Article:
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This article is taken from PN Review 240, Volume 44 Number 4, March - April 2018.

Genius of Activity Robert Wells
Peter once told me that he has never begun a poem without finishing it. My thoughts soon turn to this remark, a salutary one for me, when I think of him. With Peter, there is always activity – and the activity always has a result. When invited to write about some aspect of his activity for this birthday celebration, I find myself puzzled. Which is it to be? It must be the poetry, first of all. But each of Peter’s doings, each with its result, is an aspect of the genius of activity which rules in him indivisibly and shows itself with the same deft accuracy and practical spirit in whatever he sets his hand to. Whatever task, I was going to say. But task is too heavy a word. Peter makes heavy things seem light – the writing of a formal ode, the assembling of a book catalogue, an open-air dramatic production, the restoration of an ancient house. His gravity allows for play and delights in it. He distrusts the vatic, and indeed any sign of undue literary self-importance. But if amid the gossip and banter of casual conversation you stop and ask for Peter’s settled view of some matter, he will pause briefly, and then with a Johnsonian directness and finality he will give it in plain and perfect sentences.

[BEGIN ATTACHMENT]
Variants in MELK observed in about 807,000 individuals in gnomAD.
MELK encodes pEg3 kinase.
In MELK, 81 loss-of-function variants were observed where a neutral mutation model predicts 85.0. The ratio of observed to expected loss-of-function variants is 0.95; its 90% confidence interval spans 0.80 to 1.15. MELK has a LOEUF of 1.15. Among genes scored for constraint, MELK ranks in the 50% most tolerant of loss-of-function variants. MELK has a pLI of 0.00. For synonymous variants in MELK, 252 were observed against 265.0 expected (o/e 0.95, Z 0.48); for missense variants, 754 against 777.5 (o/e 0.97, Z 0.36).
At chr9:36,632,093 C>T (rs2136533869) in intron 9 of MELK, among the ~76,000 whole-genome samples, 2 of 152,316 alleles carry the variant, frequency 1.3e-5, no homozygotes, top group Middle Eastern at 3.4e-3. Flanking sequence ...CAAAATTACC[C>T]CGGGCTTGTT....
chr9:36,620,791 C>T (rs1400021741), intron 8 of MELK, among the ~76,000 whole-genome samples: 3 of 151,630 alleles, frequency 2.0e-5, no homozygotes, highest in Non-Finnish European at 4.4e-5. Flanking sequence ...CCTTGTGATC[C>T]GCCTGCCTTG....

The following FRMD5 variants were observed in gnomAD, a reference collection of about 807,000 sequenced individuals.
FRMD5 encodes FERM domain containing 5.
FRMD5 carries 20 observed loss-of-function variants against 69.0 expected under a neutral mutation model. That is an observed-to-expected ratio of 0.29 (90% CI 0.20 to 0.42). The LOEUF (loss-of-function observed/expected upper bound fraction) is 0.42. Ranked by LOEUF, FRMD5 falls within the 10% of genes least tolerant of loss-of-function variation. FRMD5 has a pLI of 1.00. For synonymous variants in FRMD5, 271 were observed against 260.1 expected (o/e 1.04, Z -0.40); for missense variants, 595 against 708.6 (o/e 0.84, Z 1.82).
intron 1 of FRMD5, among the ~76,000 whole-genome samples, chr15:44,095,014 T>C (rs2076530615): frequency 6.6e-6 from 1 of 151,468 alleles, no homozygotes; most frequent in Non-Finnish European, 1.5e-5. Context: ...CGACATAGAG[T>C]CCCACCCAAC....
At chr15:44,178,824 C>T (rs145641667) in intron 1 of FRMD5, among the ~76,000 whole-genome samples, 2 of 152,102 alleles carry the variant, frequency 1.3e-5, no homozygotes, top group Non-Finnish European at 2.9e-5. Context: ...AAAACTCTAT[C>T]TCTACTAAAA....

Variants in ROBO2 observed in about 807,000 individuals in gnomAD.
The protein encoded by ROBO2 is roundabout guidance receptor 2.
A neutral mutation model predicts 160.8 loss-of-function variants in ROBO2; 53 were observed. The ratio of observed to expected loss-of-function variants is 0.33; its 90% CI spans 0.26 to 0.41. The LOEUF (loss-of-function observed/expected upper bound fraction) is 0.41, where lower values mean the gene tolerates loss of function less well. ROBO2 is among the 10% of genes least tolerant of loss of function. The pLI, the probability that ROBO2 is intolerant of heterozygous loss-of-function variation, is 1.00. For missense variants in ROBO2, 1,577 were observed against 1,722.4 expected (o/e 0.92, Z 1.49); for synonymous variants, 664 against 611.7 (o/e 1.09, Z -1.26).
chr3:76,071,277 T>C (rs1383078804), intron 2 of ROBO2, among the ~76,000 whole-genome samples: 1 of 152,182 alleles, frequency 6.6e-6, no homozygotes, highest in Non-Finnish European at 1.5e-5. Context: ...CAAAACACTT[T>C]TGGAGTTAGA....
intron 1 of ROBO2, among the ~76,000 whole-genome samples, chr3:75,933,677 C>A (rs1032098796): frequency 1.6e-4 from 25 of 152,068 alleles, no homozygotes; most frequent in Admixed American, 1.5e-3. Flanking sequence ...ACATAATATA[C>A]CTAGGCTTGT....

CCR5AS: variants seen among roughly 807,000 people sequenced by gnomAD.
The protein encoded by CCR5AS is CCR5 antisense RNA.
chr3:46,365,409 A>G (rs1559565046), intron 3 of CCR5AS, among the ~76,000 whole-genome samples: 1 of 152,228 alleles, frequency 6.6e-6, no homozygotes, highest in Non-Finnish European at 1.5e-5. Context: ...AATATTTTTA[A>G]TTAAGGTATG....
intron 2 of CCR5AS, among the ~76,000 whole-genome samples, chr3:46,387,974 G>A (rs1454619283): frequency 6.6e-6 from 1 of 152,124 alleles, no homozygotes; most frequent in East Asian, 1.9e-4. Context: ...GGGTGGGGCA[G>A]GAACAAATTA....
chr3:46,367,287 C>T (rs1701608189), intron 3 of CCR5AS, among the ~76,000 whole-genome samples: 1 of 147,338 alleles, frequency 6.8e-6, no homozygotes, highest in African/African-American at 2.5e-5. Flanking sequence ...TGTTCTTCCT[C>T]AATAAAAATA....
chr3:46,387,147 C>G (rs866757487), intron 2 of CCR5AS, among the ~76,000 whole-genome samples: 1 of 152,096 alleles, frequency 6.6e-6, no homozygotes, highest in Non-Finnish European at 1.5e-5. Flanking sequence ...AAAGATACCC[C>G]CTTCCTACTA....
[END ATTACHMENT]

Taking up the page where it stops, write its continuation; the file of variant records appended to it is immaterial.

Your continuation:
Peter’s poetry began, amid the press of family life and his professional life as a teacher, as one among a dozen pursuits – one that had been kept rather in reserve because of the value he placed on it ...

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